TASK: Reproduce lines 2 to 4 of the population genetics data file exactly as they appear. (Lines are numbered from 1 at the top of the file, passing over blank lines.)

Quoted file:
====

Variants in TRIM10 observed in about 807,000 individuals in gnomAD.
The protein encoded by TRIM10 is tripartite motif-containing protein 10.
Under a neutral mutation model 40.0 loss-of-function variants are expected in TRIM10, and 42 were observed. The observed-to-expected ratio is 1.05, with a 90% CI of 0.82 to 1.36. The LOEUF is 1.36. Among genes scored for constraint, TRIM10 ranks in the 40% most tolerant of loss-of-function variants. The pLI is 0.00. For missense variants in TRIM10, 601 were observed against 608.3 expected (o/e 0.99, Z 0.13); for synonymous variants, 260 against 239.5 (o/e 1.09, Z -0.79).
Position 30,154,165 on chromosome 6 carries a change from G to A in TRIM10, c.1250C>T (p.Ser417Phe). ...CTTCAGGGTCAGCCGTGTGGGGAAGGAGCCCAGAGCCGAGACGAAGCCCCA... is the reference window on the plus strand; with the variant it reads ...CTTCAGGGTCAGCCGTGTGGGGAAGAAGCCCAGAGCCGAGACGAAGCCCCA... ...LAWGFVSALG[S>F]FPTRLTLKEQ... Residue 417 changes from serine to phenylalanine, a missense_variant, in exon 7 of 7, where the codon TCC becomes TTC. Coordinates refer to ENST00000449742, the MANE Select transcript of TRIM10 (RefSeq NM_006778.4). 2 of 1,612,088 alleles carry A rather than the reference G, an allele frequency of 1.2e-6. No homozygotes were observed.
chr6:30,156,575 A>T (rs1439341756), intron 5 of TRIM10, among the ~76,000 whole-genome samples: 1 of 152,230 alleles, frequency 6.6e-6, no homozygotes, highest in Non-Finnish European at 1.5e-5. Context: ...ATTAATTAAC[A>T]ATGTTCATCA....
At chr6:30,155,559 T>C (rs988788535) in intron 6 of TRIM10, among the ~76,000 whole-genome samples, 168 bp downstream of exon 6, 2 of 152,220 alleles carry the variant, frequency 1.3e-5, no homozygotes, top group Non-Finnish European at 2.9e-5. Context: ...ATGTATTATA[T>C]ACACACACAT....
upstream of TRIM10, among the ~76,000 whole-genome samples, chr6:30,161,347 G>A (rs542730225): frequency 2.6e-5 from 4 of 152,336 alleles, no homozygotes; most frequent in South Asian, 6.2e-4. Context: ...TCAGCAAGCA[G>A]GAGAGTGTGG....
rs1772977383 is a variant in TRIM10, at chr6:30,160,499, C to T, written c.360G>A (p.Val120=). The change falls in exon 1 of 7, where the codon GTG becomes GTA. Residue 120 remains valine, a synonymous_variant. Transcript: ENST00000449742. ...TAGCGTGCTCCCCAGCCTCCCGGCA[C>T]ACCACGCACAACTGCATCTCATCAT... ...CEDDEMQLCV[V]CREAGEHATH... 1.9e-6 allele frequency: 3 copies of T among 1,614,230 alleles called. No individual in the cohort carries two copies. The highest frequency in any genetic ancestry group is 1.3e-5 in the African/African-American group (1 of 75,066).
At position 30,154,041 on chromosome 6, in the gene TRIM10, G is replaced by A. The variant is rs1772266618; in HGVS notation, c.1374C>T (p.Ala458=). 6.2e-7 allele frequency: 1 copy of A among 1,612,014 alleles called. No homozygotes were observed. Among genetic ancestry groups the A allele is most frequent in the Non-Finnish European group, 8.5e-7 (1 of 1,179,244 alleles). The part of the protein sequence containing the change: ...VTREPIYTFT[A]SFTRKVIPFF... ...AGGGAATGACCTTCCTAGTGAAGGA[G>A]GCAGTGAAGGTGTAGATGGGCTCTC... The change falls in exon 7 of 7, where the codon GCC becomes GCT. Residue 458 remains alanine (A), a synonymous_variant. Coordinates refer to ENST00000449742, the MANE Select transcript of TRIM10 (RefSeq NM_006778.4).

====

The protein encoded by TRIM10 is tripartite motif-containing protein 10.
Under a neutral mutation model 40.0 loss-of-function variants are expected in TRIM10, and 42 were observed. The observed-to-expected ratio is 1.05, with a 90% CI of 0.82 to 1.36. The LOEUF is 1.36. Among genes scored for constraint, TRIM10 ranks in the 40% most tolerant of loss-of-function variants. The pLI is 0.00. For missense variants in TRIM10, 601 were observed against 608.3 expected (o/e 0.99, Z 0.13); for synonymous variants, 260 against 239.5 (o/e 1.09, Z -0.79).
Position 30,154,165 on chromosome 6 carries a change from G to A in TRIM10, c.1250C>T (p.Ser417Phe). ...CTTCAGGGTCAGCCGTGTGGGGAAGGAGCCCAGAGCCGAGACGAAGCCCCA... is the reference window on the plus strand; with the variant it reads ...CTTCAGGGTCAGCCGTGTGGGGAAGAAGCCCAGAGCCGAGACGAAGCCCCA... ...LAWGFVSALG[S>F]FPTRLTLKEQ... Residue 417 changes from serine to phenylalanine, a missense_variant, in exon 7 of 7, where the codon TCC becomes TTC. Coordinates refer to ENST00000449742, the MANE Select transcript of TRIM10 (RefSeq NM_006778.4). 2 of 1,612,088 alleles carry A rather than the reference G, an allele frequency of 1.2e-6. No homozygotes were observed.